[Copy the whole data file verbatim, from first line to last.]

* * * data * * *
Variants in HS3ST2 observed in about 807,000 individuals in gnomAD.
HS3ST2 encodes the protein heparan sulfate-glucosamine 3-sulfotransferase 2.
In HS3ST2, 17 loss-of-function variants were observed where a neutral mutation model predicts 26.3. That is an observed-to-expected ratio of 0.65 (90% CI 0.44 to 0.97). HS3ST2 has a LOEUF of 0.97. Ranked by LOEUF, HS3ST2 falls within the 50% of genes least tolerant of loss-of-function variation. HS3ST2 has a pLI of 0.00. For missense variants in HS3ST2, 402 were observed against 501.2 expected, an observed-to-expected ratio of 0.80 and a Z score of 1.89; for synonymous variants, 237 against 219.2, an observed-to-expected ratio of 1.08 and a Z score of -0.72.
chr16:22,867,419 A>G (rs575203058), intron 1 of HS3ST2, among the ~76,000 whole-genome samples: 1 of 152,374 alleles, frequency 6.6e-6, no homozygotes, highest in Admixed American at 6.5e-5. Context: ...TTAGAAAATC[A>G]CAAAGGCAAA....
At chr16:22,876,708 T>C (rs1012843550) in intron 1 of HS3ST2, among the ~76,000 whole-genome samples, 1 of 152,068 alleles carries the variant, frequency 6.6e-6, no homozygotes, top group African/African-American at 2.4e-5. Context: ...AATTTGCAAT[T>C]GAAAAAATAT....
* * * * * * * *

Variants in HS3ST2 observed in about 807,000 individuals in gnomAD.
HS3ST2 encodes the protein heparan sulfate-glucosamine 3-sulfotransferase 2.
In HS3ST2, 17 loss-of-function variants were observed where a neutral mutation model predicts 26.3. That is an observed-to-expected ratio of 0.65 (90% CI 0.44 to 0.97). HS3ST2 has a LOEUF of 0.97. Ranked by LOEUF, HS3ST2 falls within the 50% of genes least tolerant of loss-of-function variation. HS3ST2 has a pLI of 0.00. For missense variants in HS3ST2, 402 were observed against 501.2 expected, an observed-to-expected ratio of 0.80 and a Z score of 1.89; for synonymous variants, 237 against 219.2, an observed-to-expected ratio of 1.08 and a Z score of -0.72.
chr16:22,867,419 A>G (rs575203058), intron 1 of HS3ST2, among the ~76,000 whole-genome samples: 1 of 152,374 alleles, frequency 6.6e-6, no homozygotes, highest in Admixed American at 6.5e-5. Context: ...TTAGAAAATC[A>G]CAAAGGCAAA....
At chr16:22,876,708 T>C (rs1012843550) in intron 1 of HS3ST2, among the ~76,000 whole-genome samples, 1 of 152,068 alleles carries the variant, frequency 6.6e-6, no homozygotes, top group African/African-American at 2.4e-5. Context: ...AATTTGCAAT[T>C]GAAAAAATAT....